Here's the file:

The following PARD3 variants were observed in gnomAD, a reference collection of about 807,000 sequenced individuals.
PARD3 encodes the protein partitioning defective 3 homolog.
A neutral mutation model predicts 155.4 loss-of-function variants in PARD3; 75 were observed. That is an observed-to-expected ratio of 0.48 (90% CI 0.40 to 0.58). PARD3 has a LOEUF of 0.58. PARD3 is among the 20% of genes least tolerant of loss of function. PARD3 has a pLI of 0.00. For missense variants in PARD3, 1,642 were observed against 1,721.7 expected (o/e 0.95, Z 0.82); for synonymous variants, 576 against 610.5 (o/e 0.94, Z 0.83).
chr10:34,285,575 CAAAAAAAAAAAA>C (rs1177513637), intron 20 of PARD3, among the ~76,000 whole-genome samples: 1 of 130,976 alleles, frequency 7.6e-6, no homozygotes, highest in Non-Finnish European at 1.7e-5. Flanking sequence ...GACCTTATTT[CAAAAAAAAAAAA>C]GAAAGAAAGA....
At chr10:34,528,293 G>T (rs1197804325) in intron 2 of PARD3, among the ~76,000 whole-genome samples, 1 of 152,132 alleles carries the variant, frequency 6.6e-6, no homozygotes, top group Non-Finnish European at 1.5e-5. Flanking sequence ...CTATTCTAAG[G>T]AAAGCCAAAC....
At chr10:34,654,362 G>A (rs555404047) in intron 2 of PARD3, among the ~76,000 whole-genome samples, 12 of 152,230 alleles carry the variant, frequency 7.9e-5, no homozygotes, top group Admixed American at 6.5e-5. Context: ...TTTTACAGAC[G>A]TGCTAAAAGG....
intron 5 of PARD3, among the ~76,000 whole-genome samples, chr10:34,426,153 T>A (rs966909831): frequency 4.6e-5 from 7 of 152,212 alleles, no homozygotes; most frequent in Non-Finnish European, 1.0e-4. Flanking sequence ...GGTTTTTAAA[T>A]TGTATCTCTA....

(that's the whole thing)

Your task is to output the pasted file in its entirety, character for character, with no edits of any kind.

The following PARD3 variants were observed in gnomAD, a reference collection of about 807,000 sequenced individuals.
PARD3 encodes the protein partitioning defective 3 homolog.
A neutral mutation model predicts 155.4 loss-of-function variants in PARD3; 75 were observed. That is an observed-to-expected ratio of 0.48 (90% CI 0.40 to 0.58). PARD3 has a LOEUF of 0.58. PARD3 is among the 20% of genes least tolerant of loss of function. PARD3 has a pLI of 0.00. For missense variants in PARD3, 1,642 were observed against 1,721.7 expected (o/e 0.95, Z 0.82); for synonymous variants, 576 against 610.5 (o/e 0.94, Z 0.83).
chr10:34,285,575 CAAAAAAAAAAAA>C (rs1177513637), intron 20 of PARD3, among the ~76,000 whole-genome samples: 1 of 130,976 alleles, frequency 7.6e-6, no homozygotes, highest in Non-Finnish European at 1.7e-5. Flanking sequence ...GACCTTATTT[CAAAAAAAAAAAA>C]GAAAGAAAGA....
At chr10:34,528,293 G>T (rs1197804325) in intron 2 of PARD3, among the ~76,000 whole-genome samples, 1 of 152,132 alleles carries the variant, frequency 6.6e-6, no homozygotes, top group Non-Finnish European at 1.5e-5. Flanking sequence ...CTATTCTAAG[G>T]AAAGCCAAAC....
At chr10:34,654,362 G>A (rs555404047) in intron 2 of PARD3, among the ~76,000 whole-genome samples, 12 of 152,230 alleles carry the variant, frequency 7.9e-5, no homozygotes, top group Admixed American at 6.5e-5. Context: ...TTTTACAGAC[G>A]TGCTAAAAGG....
intron 5 of PARD3, among the ~76,000 whole-genome samples, chr10:34,426,153 T>A (rs966909831): frequency 4.6e-5 from 7 of 152,212 alleles, no homozygotes; most frequent in Non-Finnish European, 1.0e-4. Flanking sequence ...GGTTTTTAAA[T>A]TGTATCTCTA....